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Homeland Security Head to Mexico: U.S. Drug Use Fuels Violence

Since Mexico declared its drug war in December 2006, it is believed to have claimed more than 100,000 lives and led to another 30,000 disappearances

U.S. Homeland Security Secretary John Kelly, left, looks at Mexico's Interior Secretary Miguel Ángel Osorio Chong as he gives a statement to the press after Kelly's visit in Mexico City Friday, July 7, 2017, photo: AP/Eduardo Verdugo
By The News Whatsapp Twitter Facebook Share
7 months ago

U.S. Homeland Security Secretary John Kelly said Friday that he told his Mexican counterpart the United States’ demand for drugs was responsible for much of the violence on both sides of the border.

Kelly spoke in a joint statement with Mexican Interior Secretary Miguel Ángel Osorio Chong on the third and final day of his visit.

“I acknowledged to my counterpart that America’s insatiable appetite for drugs is the cause of much of the turmoil on both sides of the border,” Kelly said.

Kelly and U.S. Secretary of State Rex Tillerson made similar comments after meeting with their Mexican counterparts in Washington in May.

Kelly added Friday that the U.S. and Mexico would continue strengthening their security cooperation to battle organized crime. He noted that the U.S. had lost 60,000 people to overdose deaths last year and recognized that Mexican security forces had suffered losses in trying to combat drug trafficking.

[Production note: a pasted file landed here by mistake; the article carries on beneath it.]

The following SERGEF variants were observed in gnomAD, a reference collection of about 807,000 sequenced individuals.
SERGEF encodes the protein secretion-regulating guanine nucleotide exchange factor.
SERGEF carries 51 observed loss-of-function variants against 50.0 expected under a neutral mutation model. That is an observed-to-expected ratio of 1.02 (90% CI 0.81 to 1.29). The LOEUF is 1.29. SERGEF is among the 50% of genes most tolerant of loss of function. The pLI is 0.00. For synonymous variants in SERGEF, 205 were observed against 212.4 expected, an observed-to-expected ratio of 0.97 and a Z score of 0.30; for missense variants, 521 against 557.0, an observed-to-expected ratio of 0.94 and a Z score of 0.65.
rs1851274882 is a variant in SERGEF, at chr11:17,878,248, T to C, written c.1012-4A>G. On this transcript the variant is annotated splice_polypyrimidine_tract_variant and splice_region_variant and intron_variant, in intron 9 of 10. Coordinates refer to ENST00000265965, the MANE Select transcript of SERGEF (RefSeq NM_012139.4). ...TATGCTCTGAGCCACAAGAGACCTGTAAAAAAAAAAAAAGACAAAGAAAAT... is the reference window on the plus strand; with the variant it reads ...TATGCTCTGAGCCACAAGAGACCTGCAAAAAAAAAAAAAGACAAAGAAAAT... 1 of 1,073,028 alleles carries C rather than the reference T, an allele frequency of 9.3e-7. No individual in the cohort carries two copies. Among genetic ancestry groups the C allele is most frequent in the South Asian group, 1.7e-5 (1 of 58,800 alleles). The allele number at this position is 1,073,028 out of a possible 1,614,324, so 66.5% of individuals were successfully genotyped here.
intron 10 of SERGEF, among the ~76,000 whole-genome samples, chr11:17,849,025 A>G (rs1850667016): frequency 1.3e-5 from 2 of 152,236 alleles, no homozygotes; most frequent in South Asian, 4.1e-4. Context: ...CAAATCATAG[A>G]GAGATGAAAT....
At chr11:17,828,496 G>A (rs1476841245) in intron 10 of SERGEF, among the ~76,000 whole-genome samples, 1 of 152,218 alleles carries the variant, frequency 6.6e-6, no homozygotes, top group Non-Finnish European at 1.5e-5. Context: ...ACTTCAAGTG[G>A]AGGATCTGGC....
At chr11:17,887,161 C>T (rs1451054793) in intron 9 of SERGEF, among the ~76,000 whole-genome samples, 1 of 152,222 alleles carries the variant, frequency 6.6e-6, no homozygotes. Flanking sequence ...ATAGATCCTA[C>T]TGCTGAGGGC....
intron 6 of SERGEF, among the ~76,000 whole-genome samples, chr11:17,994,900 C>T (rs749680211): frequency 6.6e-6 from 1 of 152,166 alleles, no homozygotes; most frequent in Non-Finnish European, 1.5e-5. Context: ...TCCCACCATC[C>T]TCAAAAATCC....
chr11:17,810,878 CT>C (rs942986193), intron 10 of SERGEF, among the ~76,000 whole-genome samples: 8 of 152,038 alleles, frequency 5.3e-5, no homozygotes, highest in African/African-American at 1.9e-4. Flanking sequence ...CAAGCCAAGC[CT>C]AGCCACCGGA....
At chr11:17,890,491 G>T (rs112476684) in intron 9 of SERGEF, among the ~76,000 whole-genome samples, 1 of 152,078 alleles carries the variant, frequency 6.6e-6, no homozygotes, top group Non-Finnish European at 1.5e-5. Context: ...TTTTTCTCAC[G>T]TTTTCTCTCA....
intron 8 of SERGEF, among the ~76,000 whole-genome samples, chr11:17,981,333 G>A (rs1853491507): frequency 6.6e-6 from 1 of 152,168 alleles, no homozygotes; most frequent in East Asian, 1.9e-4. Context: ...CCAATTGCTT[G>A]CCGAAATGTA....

Since Mexico declared its drug war in December 2006, it is believed to have claimed more than 100,000 lives and led to another 30,000 disappearances.

Kelly arrived in Mexico on Wednesday and met with President Enrique Peña Nieto before the Mexican leader departed for France ahead of the Group of 20 summit in Germany.

On Thursday, Kelly visited one of Mexico’s most restive states and watched troops destroy opium poppy fields.

Mexico’s Defense Department said in a statement late Thursday that Kelly accompanied military leaders to the southern state of Guerrero. The security leaders discussed efforts to combat organized crime, and Kelly observed the destruction of five poppy plots.

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